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How can an estate plan help your loved ones bypass probate?

On Behalf of | Sep 28, 2022 | Estate Planning

Probate court exists in part to help ensure the fair and appropriate distribution of people’s property when they die. Left to their own devices, some people will lie to their family members or even steal from an estate.

The probate courts help provide oversight for the distribution of someone’s assets when they die and also help provide a form of protection for creditors owed money by the deceased. Assets that pass through probate court as part of someone’s estate are potentially subject to creditor claims and Medicaid estate recovery efforts. If the estate is particularly large, there may also be estate taxes that apply based on the total value of the estate.

Keeping certain property out of probate court can diminish the total value of the estate and protect those assets from creditors. What are three ways to keep assets out of the probate courts?

Move them into a trust

The solution that applies to the broadest range of assets is the use of a trust. When you change the ownership of real property or financial accounts, you can prevent the inclusion of those assets in your estate. It is common for people creating estate trusts to move their biggest and most valuable property into the trust.

Making gifts to loved ones

You can transfer property to the people you want to receive those assets a little at a time throughout your golden years. Making annual gifts of individual assets or financial resources will support your loved ones and allow you to witness them enjoying their inheritance. With careful planning, you can give thousands of dollars to each of your loved ones every year without incurring any taxes.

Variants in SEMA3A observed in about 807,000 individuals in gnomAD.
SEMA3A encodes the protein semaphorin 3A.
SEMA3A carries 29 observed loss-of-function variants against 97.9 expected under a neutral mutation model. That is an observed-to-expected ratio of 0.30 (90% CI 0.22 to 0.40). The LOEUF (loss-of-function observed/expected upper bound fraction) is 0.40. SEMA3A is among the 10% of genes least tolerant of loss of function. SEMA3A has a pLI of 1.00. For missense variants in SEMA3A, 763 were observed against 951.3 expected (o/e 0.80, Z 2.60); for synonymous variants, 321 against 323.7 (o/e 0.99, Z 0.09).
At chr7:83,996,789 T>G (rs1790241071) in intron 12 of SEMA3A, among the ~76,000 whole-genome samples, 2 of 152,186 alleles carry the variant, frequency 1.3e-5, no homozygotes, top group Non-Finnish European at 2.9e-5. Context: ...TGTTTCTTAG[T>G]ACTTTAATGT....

Arranging for assets to transfer when you die

You can execute a deed that makes someone the new owner of your real property after you’re passing by giving them rights of survivorship. You can also potentially transfer financial accounts by adding a transfer on death designation. Such accounts can then quickly and easily transfer to the ownership of an account to your chosen beneficiary without first needing to pass through probate court.

The less property you have to subject to probate oversight, the less possibility there is of creditor claims and other issues diminishing or altering your legacy. Engaging in careful estate planning can help you maximize the impact of the inheritance that your loved ones receive when you die.